Thirteen per cent men above 80 years are left with no choice but to work to support themselves, pointed out a United Nations Population Fund Report on the Status of Elderly in Select States in India, 2011.
A majority of these 80-plus men are in the BPL category of SC/ST communities.
Head of the Population Research Centre, Institute for Social and Economic Change, Bangalore, Prof K S James, who was a part of the research team, said: “These men above 80 years are left with no choice but to work to meet their daily expenditure like food.” Most of them are engaged in unskilled jobs in the unorganised sector, which pays the bare minimum. They work for at least six months a year or whenever work is available, he added.
This primary survey was carried out in Himachal Pradesh, Kerala, Maharashtra, Odisha, Punjab, Tamil Nadu and West Bengal have more than eight per cent elderly population. The survey also found that 10 per cent elderly women in these states live alone.
In Tamil Nadu, 17 per cent elderly men and women live alone, which is quite alarming and needs further analysis, observed Prof Lekha Subaiya, of ISEC, who carried out a part of the study. She also attributed that the possible reasons for them living alone could be childlessness or neglect by children. The report also highlights that 49 per cent of the elderly are suffering from some kind of psychological distress.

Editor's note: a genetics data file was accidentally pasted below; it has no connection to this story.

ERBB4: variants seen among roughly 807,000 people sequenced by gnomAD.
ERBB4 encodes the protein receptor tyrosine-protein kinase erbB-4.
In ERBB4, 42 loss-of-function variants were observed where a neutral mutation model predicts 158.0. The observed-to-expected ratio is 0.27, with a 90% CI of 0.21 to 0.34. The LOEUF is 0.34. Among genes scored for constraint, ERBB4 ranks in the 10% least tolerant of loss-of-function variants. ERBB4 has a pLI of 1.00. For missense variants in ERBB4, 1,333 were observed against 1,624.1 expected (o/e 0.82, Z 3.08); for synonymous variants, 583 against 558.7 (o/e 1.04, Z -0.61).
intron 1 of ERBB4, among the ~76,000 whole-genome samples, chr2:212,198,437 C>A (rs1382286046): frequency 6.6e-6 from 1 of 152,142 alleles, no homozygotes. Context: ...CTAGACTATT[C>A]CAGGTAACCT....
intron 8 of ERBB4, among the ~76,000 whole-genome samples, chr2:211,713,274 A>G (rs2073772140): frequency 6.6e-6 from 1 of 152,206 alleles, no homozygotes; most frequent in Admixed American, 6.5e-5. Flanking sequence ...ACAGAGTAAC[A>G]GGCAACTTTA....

Prof T S Syamala of ISEC, who analysed this data from her study, said: “This data clearly points that states should tone up their public health system and move from just treating physical ill health to holistic mental well-being.”
The study was undertaken by UNFPA in collaboration with the Population Research Centre (PRC), Institute for Social and Economic Change (ISEC), Institute of Economic Growth and Tata Institute of Social Sciences as a part of their on going research project - Building a Knowledge Base on Population Ageing in India.